I will do a test and measure my FW rectifier.

    FW_rectifier_5a.jpg
     
  14. rsfoto

    rsfoto Member

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    Hi KISS,

    Somewhere you mentioned the calibration of the Oscilloscope. I made a screenshot of probe 1 and so far I think the calibration is quite good

    Hantek_6022BE_calibration.JPG
     
  15. KeepItSimpleStupid

    KeepItSimpleStupid Well-Known Member Most Helpful Member

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    Yep, it's just that a 10x probe (common) increases the input Z from 1M to 10 M.

    A half wave rectifier will keep the same frequency in, A full wave rectifier will double the ripple frequency.
    e.g. 60 Hz half wave rectified --> 60 Hz ripple. Full wave rectified --> 120 Hz
     
  16. rsfoto

    rsfoto Member

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    Hi KISS;

    Thanks for confirming that I have a FW rectifier at the output :cool: look at the values at the pointing green arrows.

    FW_rectifier_5b.jpg

    Quote: " Yep, it's just that a 10x probe (common) increases the input Z from 1M to 10 M. "

    What do you want to explain me with that ? Measuring with 10X does it make more exactly or is it the same ?

    I found this in the Internet http://info.tek.com/www-abcs-of-probes-primer.html

    As you can see, I am trying to learn :wideyed:
     
  17. KeepItSimpleStupid

    KeepItSimpleStupid Well-Known Member Most Helpful Member

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    FW: Looks like confirmation to me.

    10 M: The tek full version is too complicated for now. Look here: http://electronicdesign.com/test-am...ive-and-active-oscilloscope-probes-your-tasks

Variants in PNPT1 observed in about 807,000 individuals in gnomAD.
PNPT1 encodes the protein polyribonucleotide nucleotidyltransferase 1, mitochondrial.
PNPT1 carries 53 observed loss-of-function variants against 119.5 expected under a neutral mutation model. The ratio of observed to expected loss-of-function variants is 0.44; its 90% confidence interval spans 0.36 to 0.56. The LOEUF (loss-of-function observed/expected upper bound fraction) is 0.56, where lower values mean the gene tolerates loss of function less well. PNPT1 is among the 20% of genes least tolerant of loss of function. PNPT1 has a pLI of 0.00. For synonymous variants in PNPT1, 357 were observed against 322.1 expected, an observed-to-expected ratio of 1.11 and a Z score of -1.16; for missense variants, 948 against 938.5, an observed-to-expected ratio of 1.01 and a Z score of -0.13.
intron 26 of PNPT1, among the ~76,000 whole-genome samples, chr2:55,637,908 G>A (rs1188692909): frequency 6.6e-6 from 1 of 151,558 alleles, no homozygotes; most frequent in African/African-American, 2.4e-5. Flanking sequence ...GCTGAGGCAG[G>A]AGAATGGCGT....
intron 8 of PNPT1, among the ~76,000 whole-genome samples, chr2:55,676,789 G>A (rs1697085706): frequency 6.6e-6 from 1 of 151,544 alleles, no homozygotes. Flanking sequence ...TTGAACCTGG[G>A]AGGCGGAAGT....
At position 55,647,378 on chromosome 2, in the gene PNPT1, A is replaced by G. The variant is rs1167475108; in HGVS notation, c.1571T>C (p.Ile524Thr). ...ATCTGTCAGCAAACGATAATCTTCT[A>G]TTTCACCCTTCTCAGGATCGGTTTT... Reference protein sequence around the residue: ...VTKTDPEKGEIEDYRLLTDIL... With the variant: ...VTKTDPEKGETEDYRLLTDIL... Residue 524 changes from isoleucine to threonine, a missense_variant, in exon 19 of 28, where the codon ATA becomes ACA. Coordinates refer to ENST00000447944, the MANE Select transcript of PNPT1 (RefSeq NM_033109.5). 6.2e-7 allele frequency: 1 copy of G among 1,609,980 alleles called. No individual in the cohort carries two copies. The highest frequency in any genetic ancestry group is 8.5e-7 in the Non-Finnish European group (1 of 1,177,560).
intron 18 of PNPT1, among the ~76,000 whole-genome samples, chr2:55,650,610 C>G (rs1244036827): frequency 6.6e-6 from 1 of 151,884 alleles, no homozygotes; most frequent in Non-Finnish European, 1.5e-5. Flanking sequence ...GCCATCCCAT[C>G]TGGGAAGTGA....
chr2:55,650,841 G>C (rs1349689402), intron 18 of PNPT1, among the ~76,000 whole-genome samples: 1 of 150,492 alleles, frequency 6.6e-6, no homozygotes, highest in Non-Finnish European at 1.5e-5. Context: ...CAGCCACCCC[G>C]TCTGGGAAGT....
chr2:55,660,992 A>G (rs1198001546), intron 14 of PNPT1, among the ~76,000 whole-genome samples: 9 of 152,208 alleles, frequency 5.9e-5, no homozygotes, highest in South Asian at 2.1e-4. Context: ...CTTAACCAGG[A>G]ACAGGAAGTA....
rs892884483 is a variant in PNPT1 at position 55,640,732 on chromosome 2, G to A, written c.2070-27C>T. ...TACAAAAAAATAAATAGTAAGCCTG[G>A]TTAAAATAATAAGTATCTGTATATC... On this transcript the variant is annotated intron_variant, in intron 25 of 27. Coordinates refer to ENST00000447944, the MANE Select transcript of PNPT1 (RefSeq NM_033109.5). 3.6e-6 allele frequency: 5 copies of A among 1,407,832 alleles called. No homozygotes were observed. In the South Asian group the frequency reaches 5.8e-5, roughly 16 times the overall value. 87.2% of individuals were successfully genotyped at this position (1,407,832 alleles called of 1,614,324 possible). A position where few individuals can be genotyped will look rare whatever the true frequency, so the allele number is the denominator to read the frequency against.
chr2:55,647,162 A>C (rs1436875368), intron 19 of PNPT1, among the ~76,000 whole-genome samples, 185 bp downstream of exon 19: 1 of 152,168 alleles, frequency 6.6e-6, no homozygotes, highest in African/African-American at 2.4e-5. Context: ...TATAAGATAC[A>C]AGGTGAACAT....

A 10 X compensated probe on a 1 M || 22 pf scope makes your oscilloscope probe appear to the circuit as a10 Meg resistor.
    If you "extended" the probe with a piece of coax, you may not be able to compensate it.

    RG-174 is a thin 50 ohm coax. It has a capacitance of about 22 pf/foot. The whole point is the cable also has attenuations based on frequency and length. With a scope, you want the tip of the probe to be resistive. Hence, compensation. usually it's associated with high frequencies, but a 10 Hz square wave with a very fast rise time requires a bandwidth greater than 10 Hz to see it.

    The probe is like a voltage divider, but it really is an impedance divider, hence the variable capacitor.
    The scope is made intentionally complex 1M || 22 pf to accommodate probes that have capacitance.
     
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  18. rsfoto

    rsfoto Member

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    Hi KISS,

    This is the spec of the probes which came with the cheapo Hantek 6022BE

    Probe001.jpg

    Would I get any advantage buying better probes or is the cheapo Hantek 6022BE not worth it ?

    I have to say it works very stable with the original software.
     
    Last edited: Dec 16, 2015
  19. rsfoto

    rsfoto Member

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    I have a question.

    I am working with my circuit as you can see below. I may sound stubborn, but that is the one I have found most useful so far in regard to sensitivity Gain of 100x eg, resistor R5 is 1MΩ

    Vibrar_TL082_VR_Amp_FW_01.JPG

    Now having glued the piezo on the wall I am getting a signal, red circles. From where does it come and how can I kill it. If my calculation is correct it is a 3000 to 4000Hz frequency


    Vibrar_TL082_VR_Amp_FW_01_wall.JPG

    Thank you
     
  20. rsfoto

    rsfoto Member

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    Answering my own question = I have changed the Elko 10uF C1 for a 1uF Film capacitor and eliminated C3 so far and still experimenting.
     
    Last edited: Dec 16, 2015
  21. cowboybob

    cowboybob Well-Known Member Most Helpful Member

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    First thought is a mechanical source, such as an HVAC fan or heat/AC motor. Sympathetic harmonic vibrations from the 50/60Hz powered hardware in your home/office/neighborhood.

    Don't forget, your piezo sensor is very sensitive across a wide range of vibration frequencies. You may end up having to insert some filters into your circuit to "dump" (or block) the unwanted noise.

    Just to muddy the waters even more, here's an interesting, recent ETO thread of note: http://www.electro-tech-online.com/threads/mysterious-sounds.146595/